Hulu's The Princess: Forced Feminism or Trend Setter
Hulu's The Princess breaks damsel in distress tropes, but does it do a good job?
Starring Joey King, The Princess is a Hulu original movie. The movie begins with the titular princess waking handcuffed and dressed for a wedding. Flashbacks reveal she backed out of an arranged marriage, and her angry suitor, Julius, captured the royal family in an attempt to take the throne.
Despite her introduction, the audience quickly realizes she is not a regular princess in a family-friendly movie as she promptly breaks her thumb to remove one of her shackles and kills the two guards in charge of watching her.
As an audience, we’ve seen breaks to the damsel in distress trope before with Fiona from Shrek, Merida from Brave, and even Rapunzel from Tangled. However, each trope deviation is within the confines of a family-friendly movie. Fiona sings to kill her breakfast, Merida is a capable archer but still falls prey to a witch, and Rapunzel remains willingly trapped for eighteen years before finally escaping her tower. These princesses were subtle breaks of the damsel of distress trope. None of them had the R rating of The Princess, where there is no reason to shy away from just how badass the lead character is. The Princess is a fairytale movie where the princess has a minimum kill count of 10 men, including a knight in shining armor.
The action-packed movie is undoubtedly filled with violence and gore and lacks nuance with its feminist message. Some may argue that feminist-forward movies often force-feed their intentions to viewers, which is the case with this film. However, I don’t necessarily see that as a bad thing. There are countless movies characterizing men as powerful leaders, great warriors, and just about anything that makes an interesting main character. In contrast, women are girlfriends, unimportant side characters, or catalysts to help the main male character achieve his objective for the plot. I see no issue in creating a good or bad movie that does not shy from feminist messaging and paints men and women in different lights.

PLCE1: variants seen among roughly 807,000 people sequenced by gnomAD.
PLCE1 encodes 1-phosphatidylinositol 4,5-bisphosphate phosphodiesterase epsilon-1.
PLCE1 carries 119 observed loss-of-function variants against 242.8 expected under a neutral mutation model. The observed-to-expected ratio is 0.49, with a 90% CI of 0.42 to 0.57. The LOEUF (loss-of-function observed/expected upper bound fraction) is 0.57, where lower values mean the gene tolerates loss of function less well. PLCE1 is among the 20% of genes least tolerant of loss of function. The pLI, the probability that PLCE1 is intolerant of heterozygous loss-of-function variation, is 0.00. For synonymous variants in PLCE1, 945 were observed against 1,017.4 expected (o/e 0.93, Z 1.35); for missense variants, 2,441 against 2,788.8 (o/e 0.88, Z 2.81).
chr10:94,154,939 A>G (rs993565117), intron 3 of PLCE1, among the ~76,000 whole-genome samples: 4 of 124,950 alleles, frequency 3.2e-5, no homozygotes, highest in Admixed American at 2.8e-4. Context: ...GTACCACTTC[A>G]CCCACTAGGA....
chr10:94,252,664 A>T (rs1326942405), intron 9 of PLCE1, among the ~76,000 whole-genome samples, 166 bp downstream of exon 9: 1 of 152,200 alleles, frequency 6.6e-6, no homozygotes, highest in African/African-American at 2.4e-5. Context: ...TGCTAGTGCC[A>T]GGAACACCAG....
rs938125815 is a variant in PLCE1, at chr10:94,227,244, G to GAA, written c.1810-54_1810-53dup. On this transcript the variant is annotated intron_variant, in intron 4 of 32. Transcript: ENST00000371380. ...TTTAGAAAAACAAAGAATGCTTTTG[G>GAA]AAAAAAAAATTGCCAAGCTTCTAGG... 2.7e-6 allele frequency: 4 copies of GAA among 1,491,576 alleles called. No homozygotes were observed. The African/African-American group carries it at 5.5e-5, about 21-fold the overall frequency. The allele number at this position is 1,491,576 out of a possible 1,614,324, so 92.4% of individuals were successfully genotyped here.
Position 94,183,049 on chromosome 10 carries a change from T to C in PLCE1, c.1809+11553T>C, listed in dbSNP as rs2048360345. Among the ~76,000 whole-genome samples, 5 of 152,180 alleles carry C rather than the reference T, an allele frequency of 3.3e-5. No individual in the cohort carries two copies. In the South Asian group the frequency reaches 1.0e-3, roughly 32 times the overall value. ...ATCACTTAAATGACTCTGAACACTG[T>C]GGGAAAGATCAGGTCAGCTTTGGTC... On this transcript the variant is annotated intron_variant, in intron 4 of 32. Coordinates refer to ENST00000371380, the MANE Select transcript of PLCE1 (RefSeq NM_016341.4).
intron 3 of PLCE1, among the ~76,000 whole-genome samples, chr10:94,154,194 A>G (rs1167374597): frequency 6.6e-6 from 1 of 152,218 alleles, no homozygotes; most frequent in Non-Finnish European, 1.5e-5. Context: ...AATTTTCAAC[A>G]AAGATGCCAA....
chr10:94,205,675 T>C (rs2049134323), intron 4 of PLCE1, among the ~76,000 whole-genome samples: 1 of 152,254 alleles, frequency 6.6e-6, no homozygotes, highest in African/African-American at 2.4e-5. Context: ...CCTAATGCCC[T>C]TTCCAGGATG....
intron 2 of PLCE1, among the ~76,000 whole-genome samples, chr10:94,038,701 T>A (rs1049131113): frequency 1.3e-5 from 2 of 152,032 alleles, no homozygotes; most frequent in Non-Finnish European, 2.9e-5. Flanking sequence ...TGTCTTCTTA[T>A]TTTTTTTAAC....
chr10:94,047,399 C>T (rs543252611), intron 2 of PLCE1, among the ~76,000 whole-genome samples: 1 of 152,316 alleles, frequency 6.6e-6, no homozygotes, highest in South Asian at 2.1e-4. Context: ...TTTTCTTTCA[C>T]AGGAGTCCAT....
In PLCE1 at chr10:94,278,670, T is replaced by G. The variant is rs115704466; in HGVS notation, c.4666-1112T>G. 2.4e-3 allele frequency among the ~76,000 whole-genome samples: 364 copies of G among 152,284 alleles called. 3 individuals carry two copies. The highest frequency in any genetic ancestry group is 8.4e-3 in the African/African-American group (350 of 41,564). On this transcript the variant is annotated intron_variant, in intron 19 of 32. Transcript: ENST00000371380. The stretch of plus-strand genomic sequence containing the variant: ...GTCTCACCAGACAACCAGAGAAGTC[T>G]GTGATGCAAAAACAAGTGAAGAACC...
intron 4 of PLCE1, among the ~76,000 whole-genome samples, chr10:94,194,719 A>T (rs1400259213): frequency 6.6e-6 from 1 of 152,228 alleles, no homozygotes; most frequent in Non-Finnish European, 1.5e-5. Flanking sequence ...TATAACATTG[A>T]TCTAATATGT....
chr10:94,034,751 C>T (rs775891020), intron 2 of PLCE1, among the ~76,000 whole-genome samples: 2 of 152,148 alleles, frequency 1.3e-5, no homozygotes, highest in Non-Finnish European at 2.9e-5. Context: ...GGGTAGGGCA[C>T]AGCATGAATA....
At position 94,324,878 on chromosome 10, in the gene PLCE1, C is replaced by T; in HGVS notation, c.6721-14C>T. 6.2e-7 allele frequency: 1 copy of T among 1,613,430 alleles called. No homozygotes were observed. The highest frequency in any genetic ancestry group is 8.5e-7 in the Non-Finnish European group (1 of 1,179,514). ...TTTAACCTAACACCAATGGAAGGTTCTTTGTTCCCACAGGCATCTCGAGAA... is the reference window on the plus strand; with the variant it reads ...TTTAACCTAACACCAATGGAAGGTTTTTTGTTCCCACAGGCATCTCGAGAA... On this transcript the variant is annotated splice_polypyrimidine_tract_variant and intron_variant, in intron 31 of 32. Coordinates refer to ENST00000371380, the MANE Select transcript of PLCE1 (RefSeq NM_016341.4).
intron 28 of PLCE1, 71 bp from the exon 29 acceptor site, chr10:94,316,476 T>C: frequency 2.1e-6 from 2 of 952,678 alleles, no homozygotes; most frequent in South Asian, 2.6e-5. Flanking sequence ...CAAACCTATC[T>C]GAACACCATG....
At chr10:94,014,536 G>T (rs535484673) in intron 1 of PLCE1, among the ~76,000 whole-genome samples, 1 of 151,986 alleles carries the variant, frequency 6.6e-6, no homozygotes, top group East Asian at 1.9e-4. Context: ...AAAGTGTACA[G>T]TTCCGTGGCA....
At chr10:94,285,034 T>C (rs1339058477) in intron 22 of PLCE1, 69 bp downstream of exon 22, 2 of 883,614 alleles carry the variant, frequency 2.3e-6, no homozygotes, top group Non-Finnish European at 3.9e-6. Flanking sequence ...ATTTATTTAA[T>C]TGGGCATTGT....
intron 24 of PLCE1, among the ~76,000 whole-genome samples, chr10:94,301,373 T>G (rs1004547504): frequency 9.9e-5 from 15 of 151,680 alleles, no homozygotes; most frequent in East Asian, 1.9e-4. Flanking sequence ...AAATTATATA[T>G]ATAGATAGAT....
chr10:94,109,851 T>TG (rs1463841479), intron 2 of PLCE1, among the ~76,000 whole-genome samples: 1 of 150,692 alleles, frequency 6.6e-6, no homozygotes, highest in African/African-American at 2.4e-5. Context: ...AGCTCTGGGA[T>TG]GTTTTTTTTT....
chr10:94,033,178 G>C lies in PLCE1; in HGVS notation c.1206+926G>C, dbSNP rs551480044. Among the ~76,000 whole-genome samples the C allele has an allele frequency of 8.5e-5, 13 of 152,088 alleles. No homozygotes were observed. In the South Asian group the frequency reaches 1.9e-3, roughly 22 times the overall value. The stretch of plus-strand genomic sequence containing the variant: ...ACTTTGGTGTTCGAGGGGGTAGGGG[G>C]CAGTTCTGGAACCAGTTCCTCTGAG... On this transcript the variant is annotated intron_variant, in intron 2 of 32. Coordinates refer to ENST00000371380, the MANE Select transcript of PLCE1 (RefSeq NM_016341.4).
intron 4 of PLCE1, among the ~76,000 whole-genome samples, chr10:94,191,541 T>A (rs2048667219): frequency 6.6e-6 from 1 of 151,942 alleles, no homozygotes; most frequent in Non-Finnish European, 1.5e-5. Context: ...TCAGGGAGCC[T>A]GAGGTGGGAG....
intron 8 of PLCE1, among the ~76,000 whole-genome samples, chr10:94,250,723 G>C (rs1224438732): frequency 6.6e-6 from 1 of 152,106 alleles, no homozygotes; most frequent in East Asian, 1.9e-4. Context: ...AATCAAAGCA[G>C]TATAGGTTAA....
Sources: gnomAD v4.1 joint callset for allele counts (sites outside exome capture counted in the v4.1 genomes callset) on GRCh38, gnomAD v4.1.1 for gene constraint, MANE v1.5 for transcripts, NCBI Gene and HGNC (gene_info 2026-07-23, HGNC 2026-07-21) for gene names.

Although the film heavily relies on an original showcase of a damsel of distress, it still contains many other overused stereotypes. The weak king who longs for a male heir. The foreigners who train the warrior but have no personality traits or backstory. The mindless henchmen want gold, power, and women but are frankly useless. The beautiful girlfriend nobody respects because of her sex appeal and connection to a powerful man. The queen who tries to think for herself but is otherwise helpless.
The Princess is a silly approach to take for a movie of this style. This approach can be interpreted in two ways; As a light-hearted introduction to more action-packed feminist-forward films or a movie so outrageously unrealistic that it’s laughable to think of a woman acting like that. It’s up to the viewer to decide which they believe was the intention.
Personally, this weird subgenre of the movie with moments equating the memorable ‘tis but a scratch’ from Monty Python or weirdly placed moments similar to those in Robin Hood Men in Tights is just not for me. It provides a good chuckle and aims to start a movie trend that I believe is worth having, but it is otherwise a movie I wouldn’t watch again. I almost didn’t even watch it, but Twitter had lots to say, so I had to form my own opinion.
So, it all comes down to one question. Did The Princess do a good job altering the damsel in distress trope and making a feminist forward movie?
The Princess didn’t even have a name and barely said a word between her grunt and scream-filled fight scenes, so my consensus is as follows:
Eh, they tried.
Stream The Princess on Hulu.